Visually impaired person using a smartwatch. LEHTIKUVA


As we navigate the realm of technological advancements, it's imperative to recognize that the mere presence of cutting-edge innovations doesn't automatically guarantee improved well-being and empowerment for individuals. The intersections of these technologies with human lives are laden with potential conflicts and pitfalls that require careful consideration.

Fares Georges Khalil delves into this intricate web of relationships between technology, health, and empowerment in his doctoral dissertation titled "Every Piece Matters – Technology and Service Integration for Individual Empowerment."

The study focuses on two key scenarios where rapid technological evolution intersects with people's health and well-being: personal monitoring/sensor technologies and digital platforms that utilize these technologies to facilitate integrated healthcare delivery connecting patients and healthcare providers.

"While the potential offered by sensor technologies, artificial intelligence, cloud services, and other trends points to a future where individuals are empowered, professionals have resources, and society reaps the benefits of streamlined, comprehensive care, it's crucial to acknowledge the nuanced landscape," says Khalil.

Despite the prevailing techno-optimism, Khalil's research underscores several underlying conflicts. For instance, smart technologies sometimes inadvertently undermine empowerment by providing users with negative feedback or generating feelings of confinement – a stark contrast to their intended purpose. Another example is that empowerment often necessitates support for users to develop skills, enabling them to benefit from a "positive empowerment loop," as Khalil phrases it.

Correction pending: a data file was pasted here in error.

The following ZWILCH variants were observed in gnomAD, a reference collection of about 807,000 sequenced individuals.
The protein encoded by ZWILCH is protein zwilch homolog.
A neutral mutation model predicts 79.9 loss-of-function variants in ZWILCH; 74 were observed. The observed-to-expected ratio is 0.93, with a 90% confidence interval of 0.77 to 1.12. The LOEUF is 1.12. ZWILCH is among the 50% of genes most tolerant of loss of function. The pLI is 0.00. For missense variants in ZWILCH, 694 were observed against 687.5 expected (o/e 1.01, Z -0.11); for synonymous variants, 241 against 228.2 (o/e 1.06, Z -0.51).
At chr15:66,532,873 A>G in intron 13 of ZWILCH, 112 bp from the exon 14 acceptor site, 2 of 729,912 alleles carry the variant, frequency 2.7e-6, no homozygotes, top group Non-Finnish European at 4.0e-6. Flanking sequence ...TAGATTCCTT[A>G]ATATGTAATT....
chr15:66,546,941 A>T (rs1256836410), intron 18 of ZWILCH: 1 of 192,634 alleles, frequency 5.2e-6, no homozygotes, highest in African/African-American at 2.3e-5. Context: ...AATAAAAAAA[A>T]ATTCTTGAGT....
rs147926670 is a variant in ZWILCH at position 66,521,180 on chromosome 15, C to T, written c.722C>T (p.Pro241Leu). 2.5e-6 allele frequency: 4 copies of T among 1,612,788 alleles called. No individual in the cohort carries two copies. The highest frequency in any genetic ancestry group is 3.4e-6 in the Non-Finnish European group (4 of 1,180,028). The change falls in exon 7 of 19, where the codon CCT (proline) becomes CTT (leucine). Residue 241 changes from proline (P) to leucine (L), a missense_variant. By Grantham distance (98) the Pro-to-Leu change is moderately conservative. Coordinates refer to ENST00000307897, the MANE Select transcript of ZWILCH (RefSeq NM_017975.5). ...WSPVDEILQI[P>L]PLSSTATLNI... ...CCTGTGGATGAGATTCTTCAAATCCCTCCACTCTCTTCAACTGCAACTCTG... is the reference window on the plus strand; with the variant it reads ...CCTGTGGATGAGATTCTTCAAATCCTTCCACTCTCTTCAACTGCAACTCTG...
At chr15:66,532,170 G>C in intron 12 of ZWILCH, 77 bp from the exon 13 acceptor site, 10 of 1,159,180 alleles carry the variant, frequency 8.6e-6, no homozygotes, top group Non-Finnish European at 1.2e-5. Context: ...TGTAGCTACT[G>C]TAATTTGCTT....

In the healthcare sector, there's a drive to develop digital platforms and harness new technologies to reduce costs, enhance efficiency, and empower both patients and medical professionals.

"Even here, my research uncovered various challenges. Coordinating complex patient pathways requires increased collaboration among healthcare stakeholders, which currently contradicts the prevalent mindset and logic of our organizations," Khalil notes.

"The journey is riddled with obstacles. Some are tied to upholding the right values and developing a shared vision of technological empowerment, while others are related to the inertia of our institutions and the incentives driving our development," he continues.

The full dissertation is available here: Every Piece Matters – Technology and Service Integration for Individual Empowerment

Fares Georges Khalil's doctoral defense is scheduled for Thursday, August 31st, at 12:00 PM at Hanken School of Economics, with remote access available via Teams. The event can be attended through this link.